Members of Bristol Trades Council proudly marched alongside trade unionists from around the country in commemoration of the Tolpuddle Martyrs.
The Tolpuddle Martyrs were six agricultural labourers from the village of Tolpuddle in Dorset, England, who, in 1834, were convicted of swearing a secret oath as members of the Friendly Society of Agricultural Labourers. They were arrested on charges under an obscure act during a labour dispute against cutting wages before being convicted in R v Loveless and Others and sentenced to penal transportation to Australia. They were pardoned in 1836 after mass protests by sympathisers and returned to England between 1837 and 1839.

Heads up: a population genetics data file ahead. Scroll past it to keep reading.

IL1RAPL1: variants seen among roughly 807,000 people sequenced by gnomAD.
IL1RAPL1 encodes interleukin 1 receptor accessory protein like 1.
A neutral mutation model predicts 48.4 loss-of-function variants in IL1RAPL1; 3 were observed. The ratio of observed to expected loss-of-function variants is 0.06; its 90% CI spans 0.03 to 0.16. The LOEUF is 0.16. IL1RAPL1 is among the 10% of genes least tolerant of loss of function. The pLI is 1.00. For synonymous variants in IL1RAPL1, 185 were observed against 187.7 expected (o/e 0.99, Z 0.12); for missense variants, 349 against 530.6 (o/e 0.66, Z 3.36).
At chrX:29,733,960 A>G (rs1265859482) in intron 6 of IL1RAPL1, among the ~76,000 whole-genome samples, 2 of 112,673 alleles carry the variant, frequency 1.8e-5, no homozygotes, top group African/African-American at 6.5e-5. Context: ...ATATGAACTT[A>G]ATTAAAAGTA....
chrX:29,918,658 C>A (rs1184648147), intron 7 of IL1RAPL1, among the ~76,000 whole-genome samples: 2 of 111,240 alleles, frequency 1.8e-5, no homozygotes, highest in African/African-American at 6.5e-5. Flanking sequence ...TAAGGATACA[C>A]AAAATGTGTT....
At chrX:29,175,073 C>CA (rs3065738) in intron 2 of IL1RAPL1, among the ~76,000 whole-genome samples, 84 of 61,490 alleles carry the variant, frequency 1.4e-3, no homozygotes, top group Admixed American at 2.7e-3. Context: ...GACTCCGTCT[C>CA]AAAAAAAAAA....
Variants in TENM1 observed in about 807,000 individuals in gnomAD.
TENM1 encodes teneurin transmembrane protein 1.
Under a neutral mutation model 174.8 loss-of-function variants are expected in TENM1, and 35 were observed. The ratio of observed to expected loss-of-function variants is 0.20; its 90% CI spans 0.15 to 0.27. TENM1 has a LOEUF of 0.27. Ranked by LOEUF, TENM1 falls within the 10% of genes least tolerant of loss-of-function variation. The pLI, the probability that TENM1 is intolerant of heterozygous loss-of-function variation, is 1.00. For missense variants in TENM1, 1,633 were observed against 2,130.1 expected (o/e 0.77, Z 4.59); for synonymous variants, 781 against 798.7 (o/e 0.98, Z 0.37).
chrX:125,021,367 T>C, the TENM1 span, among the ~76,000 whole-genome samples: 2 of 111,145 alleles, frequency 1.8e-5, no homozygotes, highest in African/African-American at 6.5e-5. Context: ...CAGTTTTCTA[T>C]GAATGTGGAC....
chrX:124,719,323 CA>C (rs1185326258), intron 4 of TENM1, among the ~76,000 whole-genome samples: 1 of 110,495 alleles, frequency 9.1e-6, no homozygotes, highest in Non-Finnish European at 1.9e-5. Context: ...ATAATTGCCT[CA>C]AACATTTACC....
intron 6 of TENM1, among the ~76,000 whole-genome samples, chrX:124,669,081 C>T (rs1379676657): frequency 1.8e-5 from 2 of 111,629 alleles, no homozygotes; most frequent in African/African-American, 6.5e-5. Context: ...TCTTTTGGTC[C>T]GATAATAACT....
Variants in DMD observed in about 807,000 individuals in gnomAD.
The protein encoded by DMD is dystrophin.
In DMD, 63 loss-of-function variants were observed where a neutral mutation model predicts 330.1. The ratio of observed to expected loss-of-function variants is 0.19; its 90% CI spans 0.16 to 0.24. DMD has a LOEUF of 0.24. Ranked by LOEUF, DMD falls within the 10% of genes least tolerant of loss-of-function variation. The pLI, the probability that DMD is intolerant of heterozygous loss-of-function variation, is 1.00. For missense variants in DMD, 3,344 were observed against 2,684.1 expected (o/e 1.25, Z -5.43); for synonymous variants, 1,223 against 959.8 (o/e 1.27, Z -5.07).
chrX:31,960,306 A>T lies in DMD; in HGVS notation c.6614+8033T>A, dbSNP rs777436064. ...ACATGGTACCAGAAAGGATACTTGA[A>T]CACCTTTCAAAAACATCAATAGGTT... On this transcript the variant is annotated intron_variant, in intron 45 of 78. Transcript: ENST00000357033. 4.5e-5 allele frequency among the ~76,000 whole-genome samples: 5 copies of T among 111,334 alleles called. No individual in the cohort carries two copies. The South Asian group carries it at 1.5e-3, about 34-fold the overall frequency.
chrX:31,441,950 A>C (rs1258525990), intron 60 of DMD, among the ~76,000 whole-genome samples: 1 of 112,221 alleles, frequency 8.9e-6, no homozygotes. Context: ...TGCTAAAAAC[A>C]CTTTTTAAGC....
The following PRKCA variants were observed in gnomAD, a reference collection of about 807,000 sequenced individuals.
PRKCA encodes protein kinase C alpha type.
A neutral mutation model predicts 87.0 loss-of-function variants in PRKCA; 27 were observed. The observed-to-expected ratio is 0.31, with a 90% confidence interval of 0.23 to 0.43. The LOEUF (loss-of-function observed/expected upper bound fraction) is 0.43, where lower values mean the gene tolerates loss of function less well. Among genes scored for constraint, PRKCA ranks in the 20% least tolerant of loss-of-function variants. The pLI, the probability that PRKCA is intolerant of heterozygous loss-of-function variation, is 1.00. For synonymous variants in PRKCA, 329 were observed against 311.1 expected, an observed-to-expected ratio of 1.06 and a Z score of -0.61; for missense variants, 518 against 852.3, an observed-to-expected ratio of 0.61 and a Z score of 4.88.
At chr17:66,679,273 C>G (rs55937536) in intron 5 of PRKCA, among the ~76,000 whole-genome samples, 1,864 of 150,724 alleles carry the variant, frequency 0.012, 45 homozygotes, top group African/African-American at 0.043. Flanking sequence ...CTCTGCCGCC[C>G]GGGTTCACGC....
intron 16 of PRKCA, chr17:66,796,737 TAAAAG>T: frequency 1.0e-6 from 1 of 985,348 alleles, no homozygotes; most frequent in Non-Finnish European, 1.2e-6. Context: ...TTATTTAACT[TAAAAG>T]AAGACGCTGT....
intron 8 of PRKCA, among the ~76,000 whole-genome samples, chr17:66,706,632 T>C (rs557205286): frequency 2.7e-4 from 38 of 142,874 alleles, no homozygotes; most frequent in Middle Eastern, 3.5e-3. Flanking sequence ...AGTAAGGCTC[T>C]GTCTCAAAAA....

There has been an annual gathering to mark the story of the Tolpuddle Martyrs since 1930s. It began as a Sunday afternoon event with wreaths laid on the grave of James Hammett, followed by a procession of banners and speeches. Today, the annual event sees thousands of trade unionists from around the UK and the world descends on the small village of Tolpuddle in Dorset to celebrate the memory of the Tolpuddle Martyrs and the legacy they left behind.